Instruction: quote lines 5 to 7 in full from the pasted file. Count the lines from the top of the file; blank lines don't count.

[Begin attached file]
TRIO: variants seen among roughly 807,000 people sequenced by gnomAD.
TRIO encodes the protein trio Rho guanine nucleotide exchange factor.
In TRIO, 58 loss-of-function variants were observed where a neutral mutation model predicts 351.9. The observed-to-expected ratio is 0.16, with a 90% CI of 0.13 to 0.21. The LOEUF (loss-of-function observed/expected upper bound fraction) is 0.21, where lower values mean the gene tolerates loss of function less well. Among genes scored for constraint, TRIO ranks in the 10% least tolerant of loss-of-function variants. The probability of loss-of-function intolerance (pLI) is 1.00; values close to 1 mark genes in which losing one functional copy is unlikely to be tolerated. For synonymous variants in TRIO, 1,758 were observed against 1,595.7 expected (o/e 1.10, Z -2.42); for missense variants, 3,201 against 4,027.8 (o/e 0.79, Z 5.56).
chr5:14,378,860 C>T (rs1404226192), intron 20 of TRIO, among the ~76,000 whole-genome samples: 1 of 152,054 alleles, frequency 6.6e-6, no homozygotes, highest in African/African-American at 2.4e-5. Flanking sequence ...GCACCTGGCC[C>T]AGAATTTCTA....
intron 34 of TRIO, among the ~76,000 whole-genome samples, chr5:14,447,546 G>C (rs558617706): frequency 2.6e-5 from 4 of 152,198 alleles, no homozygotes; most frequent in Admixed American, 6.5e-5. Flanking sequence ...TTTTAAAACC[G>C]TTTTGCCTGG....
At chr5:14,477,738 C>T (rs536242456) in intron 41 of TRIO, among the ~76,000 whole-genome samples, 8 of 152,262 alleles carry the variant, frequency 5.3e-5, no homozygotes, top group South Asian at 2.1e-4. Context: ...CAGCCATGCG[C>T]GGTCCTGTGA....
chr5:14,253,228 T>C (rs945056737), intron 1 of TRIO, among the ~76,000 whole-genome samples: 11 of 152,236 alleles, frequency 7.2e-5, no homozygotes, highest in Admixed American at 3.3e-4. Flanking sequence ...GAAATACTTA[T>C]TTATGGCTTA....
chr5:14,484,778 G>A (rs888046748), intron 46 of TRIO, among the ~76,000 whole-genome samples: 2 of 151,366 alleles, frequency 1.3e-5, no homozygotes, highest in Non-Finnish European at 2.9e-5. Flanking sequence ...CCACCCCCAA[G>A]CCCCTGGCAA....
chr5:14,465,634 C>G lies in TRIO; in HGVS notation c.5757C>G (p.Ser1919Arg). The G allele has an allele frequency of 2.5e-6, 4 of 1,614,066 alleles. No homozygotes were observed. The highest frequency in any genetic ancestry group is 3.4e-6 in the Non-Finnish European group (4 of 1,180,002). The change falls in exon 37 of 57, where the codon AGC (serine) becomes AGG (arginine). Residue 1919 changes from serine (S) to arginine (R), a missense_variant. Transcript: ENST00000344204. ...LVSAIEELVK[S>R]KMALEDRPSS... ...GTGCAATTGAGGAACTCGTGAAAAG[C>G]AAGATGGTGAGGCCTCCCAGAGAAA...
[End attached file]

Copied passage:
intron 34 of TRIO, among the ~76,000 whole-genome samples, chr5:14,447,546 G>C (rs558617706): frequency 2.6e-5 from 4 of 152,198 alleles, no homozygotes; most frequent in Admixed American, 6.5e-5. Flanking sequence ...TTTTAAAACC[G>C]TTTTGCCTGG....
At chr5:14,477,738 C>T (rs536242456) in intron 41 of TRIO, among the ~76,000 whole-genome samples, 8 of 152,262 alleles carry the variant, frequency 5.3e-5, no homozygotes, top group South Asian at 2.1e-4. Context: ...CAGCCATGCG[C>T]GGTCCTGTGA....
chr5:14,253,228 T>C (rs945056737), intron 1 of TRIO, among the ~76,000 whole-genome samples: 11 of 152,236 alleles, frequency 7.2e-5, no homozygotes, highest in Admixed American at 3.3e-4. Flanking sequence ...GAAATACTTA[T>C]TTATGGCTTA....